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Mass. governor expects charges in lab scandal
Question of the Day
BOSTON (AP) — Massachusetts Gov. Deval Patrick said Thursday he expects criminal charges will be brought in an investigation of misconduct by a state lab chemist who admitted faking drug-sample results, forging signatures and skipping proper procedures.
Speaking to reporters, Mr. Patrick said he shut down the drug lab soon after learning of admissions that chemist Annie Dookhan made during an interview with state police at the end of August. The governor said he finds it troubling that Ms. Dookhan and her supervisors “did not seem to understand the gravity of this.”
State police say Ms. Dookhan tested more than 60,000 drug samples covering 34,000 defendants during her nine years at the lab. She resigned in March during an internal investigation by the Department of Public Health, which ran the lab up until July 1, when state police took over as part of a state budget directive.
The scandal has thrown thousands of drug convictions into question. Already, judges have reduced bail and put sentences on hold in approximately 20 cases handled by Ms. Dookhan.
Ms. Dookhan’s admissions were detailed in state police reports obtained Wednesday by the Associated Press.
“I fully expect, and indeed I will say, I hope that there are charges, and I think that all of those who are accountable for the impact on individual cases need to be held accountable,” Mr. Patrick said.
Ms. Coakley’s spokesman, Brad Puffer, said the criminal investigation “remains active and ongoing.”
“Our office provided the preliminary findings of our investigation to stakeholders so that immediate steps could be taken in the interest of justice,” Mr. Puffer said.
Chemists who worked with Ms. Dookhan told investigators they had concerns about her work for several years, but they either convinced themselves they were invalid or reported them to supervisors who failed to intervene.
Ms. Dookhan admitted to investigators that she faked drug-sample results for two to three years, according to the report.
Attorney Rosemary Scapicchio, who represents several defendants whose samples Ms. Dookhan handled, called for federal officials to take over the probe.
“I can’t imagine she could have been this corrupt without someone noticing,” she said. “The investigation needs to go deeper than Annie Dookhan to get to the point of ‘How did she get away with it?’”
The state has created a central office to examine cases Ms. Dookhan was involved with and figure out how to deal with them.
After state police took over the lab, they said they discovered that her violations were much more extensive than previously believed and went beyond sloppiness into deliberate evidence mishandling.
Supervisors suspended Ms. Dookhan’s lab duties in June 2011, when she was caught forging a colleague’s initials on paperwork after taking 90 drug samples from evidence, according to police. But she told police later she disobeyed orders and continued to access an evidence database and give law enforcement officials information on their cases.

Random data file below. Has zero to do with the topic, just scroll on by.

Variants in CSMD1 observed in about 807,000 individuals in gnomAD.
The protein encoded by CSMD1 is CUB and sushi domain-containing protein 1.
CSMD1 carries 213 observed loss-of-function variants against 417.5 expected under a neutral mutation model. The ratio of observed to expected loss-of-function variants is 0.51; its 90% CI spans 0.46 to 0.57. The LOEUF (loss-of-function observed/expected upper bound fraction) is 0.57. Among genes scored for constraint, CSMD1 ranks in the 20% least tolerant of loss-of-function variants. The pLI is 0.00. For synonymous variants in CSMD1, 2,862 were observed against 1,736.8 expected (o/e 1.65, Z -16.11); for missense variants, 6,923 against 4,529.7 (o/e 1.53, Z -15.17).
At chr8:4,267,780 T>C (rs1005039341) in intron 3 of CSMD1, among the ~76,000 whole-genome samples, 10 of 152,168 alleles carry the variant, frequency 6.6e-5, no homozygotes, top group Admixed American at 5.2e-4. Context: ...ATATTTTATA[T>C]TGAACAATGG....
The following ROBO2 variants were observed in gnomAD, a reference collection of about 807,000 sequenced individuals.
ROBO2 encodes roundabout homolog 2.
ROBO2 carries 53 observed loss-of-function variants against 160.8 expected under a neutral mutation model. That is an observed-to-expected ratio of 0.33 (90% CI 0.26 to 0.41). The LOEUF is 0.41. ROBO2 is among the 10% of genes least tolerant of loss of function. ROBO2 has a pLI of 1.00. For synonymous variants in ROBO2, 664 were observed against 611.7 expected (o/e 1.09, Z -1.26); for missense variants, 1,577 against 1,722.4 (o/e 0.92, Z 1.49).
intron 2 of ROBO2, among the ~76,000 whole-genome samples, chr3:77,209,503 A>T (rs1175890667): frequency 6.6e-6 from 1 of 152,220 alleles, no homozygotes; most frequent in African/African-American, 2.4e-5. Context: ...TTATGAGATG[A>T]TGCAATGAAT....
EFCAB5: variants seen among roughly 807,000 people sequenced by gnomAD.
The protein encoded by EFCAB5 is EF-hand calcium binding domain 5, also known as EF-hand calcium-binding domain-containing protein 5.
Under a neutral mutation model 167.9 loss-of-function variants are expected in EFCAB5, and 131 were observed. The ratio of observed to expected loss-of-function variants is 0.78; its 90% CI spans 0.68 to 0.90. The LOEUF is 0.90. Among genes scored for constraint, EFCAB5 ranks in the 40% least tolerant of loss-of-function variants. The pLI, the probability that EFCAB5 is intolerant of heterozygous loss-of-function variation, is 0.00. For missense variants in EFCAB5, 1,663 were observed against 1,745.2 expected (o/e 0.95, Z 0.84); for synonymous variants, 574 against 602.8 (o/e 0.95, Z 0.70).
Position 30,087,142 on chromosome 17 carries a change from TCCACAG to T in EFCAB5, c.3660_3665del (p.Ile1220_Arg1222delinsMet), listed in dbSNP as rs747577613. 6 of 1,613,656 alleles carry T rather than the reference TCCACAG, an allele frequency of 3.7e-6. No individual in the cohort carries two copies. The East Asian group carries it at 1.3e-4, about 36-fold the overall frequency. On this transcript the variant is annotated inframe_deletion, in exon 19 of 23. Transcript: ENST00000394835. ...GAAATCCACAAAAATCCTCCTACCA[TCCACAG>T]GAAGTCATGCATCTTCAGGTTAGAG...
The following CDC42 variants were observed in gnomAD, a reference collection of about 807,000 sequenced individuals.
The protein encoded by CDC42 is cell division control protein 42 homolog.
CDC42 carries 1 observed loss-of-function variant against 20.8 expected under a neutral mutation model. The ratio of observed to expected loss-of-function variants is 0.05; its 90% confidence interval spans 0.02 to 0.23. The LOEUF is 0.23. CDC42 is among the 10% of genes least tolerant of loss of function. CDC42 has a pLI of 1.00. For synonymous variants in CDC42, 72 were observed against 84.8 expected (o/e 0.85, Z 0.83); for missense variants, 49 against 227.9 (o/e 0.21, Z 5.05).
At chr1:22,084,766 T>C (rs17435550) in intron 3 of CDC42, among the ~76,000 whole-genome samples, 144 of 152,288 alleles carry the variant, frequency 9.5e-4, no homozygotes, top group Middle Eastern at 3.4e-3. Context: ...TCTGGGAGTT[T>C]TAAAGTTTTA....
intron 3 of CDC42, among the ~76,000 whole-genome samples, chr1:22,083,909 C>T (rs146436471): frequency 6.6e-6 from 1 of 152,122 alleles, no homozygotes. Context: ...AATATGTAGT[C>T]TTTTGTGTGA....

On Aug. 30, Mr. Patrick ordered state police to close the lab.
That day, a police lieutenant spoke with Ms. Dookhan to tell her she should get a lawyer because she could face criminal charges.
Ms. Dookhan cried on the phone. She said she was involved in a long divorce from her husband, didn’t have money and didn’t know any lawyers.
Anne Goldbach from the Committee for Public Counsel Services, which oversees legal representation for indigents, said the interviews included in the police report show the problems at the now-closed Hinton State Laboratory are more troubling than originally believed. She said it appears there was unsupervised access to the evidence office and safe.
Ms. Goldbach said that because Ms. Dookhan was in charge of quality control equipment, other chemists could have gotten false test results without knowing it.
“It calls into question all the testing done by the lab,” she said.
Attorney John T. Martin said Wednesday that he noticed a pattern of suspicious behavior from Ms. Dookhan while looking over his clients’ cases.
He said that in four cases Ms. Dookhan determined the weight of the drug sample was just 1 gram above the amount needed for a more serious penalty even though police reports made the seizure seem smaller.
Concerns from Ms. Dookhan’s colleagues prompted two supervisors to audit her work in 2010, but they just looked at paperwork and didn’t retest drug samples.
Things started to unravel in spring 2011 with the forgery incident. A colleague told police it was “almost like Dookhan wanted to get caught.”
One lab supervisor told police later that he believed Ms. Dookhan had a mental breakdown.
Ms. Dookhan told investigators several times in an August interview that she knew she had done wrong.
“I screwed up big time,” she said, according to the report from investigators for the attorney general’s office. “I messed up bad. It’s my fault. I don’t want the lab to get in trouble.”
Authorities haven’t commented on Ms. Dookan’s possible motives as their probe continues. She hasn’t responded to repeated requests for comment.
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